• 1 tsp. peppercorns
  • 1 Tbsp. salt

Instructions

  1. Thinly slice cucumbers and place in a clean, 1 qrt mason jar - you can either use a knife or a mandoline to cut the cucumbers. Place the tarragon into the jars.
  2. In a small saucepan combine the vinegar, water, sugar, salt peppercorns and mustard seeds. Bring mixture to a simmer and cook until sugar and salt are completely dissolved.
  3. Pour the mixture over the cucumbers.
  4. Let the mixture cool and then place the lid on and refrigerate.
  5. Cucumbers will be ready to eat in 24 hours. If kept refrigerated, pickles will last about 1 month in the refrigerator.
 Pickled Celery

 

 

 

 

 

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{ 10 comments… read them below or add one }

Lana @ Never Enough Thyme April 18, 2012 at 6:47 am

What beautiful pickles, Nancy! Pickling is one of the kitchen tasks that I truly enjoy. I spend many weekends each summer canning all manner of things so that they’re shelf-stable for storage. However, this quick pickling method is great for extra produce or when you just don’t want to get out all the canning equipment. I keep some kind of refrigerator pickle on hand almost all the time.

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Nancy April 24, 2012 at 11:22 am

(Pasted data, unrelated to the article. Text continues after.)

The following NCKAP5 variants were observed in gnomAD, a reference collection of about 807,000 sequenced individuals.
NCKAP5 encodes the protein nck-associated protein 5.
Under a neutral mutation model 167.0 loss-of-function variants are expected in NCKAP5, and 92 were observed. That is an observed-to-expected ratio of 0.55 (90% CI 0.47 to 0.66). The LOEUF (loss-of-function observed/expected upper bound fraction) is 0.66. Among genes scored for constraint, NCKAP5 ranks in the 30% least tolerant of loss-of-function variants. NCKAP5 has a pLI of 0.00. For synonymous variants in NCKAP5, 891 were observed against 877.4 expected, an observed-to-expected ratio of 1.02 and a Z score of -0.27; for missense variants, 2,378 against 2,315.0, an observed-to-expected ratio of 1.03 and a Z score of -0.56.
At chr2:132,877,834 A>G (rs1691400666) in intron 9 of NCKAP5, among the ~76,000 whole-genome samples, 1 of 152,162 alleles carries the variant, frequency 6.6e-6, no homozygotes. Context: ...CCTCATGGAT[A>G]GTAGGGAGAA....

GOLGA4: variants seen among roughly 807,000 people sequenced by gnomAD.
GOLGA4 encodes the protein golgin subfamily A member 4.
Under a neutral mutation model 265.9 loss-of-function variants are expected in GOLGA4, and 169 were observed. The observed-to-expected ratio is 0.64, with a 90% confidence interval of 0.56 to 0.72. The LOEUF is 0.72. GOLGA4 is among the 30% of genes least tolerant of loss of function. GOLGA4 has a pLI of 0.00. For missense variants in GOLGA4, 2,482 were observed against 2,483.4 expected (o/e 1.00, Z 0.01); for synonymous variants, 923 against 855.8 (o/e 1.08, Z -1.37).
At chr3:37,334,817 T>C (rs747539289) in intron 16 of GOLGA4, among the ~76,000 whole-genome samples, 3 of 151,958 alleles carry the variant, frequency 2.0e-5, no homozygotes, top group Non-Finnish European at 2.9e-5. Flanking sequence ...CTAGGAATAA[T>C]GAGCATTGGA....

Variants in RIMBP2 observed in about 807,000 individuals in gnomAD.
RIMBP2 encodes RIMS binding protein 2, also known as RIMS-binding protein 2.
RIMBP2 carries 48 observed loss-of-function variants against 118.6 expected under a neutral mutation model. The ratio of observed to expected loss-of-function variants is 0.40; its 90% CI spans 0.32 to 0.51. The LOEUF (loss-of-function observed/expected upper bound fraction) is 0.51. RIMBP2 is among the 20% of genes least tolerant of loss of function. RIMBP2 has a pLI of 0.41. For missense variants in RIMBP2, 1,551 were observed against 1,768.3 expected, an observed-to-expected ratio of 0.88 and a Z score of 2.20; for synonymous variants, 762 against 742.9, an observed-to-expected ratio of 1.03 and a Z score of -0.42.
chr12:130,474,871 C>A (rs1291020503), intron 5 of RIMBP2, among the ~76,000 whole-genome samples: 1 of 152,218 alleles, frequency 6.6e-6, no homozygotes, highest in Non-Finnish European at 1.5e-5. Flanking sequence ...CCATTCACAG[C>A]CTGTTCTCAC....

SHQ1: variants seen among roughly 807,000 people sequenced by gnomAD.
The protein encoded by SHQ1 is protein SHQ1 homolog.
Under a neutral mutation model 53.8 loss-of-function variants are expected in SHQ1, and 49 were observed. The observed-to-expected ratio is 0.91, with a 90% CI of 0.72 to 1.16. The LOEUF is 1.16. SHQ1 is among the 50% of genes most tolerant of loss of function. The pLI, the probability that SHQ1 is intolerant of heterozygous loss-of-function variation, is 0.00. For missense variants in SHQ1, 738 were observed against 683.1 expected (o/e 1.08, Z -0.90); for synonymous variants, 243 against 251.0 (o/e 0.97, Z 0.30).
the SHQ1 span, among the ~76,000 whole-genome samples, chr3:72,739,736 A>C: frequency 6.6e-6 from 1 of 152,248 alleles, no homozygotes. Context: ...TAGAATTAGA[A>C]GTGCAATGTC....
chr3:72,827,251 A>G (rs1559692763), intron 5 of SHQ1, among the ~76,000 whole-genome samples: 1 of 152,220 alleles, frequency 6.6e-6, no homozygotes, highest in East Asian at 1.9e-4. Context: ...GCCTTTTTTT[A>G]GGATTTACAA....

I couldn’t agree more Lana… was thinking of maybe having “pickling party” this summer – I think it would be so much fun!!

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Lisa April 18, 2012 at 8:34 am

I love refrigerator pickles..and now that summer is here, I can’t wait to make them for BBQ’s. However, although I’ve eaten pickled celery, I’ve never made it. Looking forward to trying your recipe! It looks terrific!

Reply

Madonna April 18, 2012 at 11:08 am

I just made these pickles. So easy. So cheap. I have not tried the tarragon, only the dill. I will have to try your version. I love knowing what is in my food.

Reply

Nancy April 24, 2012 at 11:21 am

Me too Madonna! I love making pickles because the possibilities are almost endless!

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Linda April 19, 2012 at 1:24 pm

Thank you, thank you for this post! I needed this kind of reminder to get back to refrigerator pickling! How did I let that skill get away from me?!

Reply

Nancy April 24, 2012 at 11:21 am

I know exactly what you mean.. I’ve been on a bit of a “pickle tear” lately and have been pickling just about everything in sight!

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Baker Street April 24, 2012 at 8:03 pm

Oh these look spectacular Nancy! Thank you so much for sharing this post. :)

Reply

genie lanier August 18, 2013 at 9:20 am

I am new to pickling, but love gardening, cooking & baking…I am single so have vegetables for canning or freezing no matter how small my garden is…I donate to the food pantry also. Luv to try new recipes…

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Nancy August 18, 2013 at 7:45 pm

So envious of those with a green thumb!!! Refrigerator pickling is great for small batches – and the combinations are truly endless!!!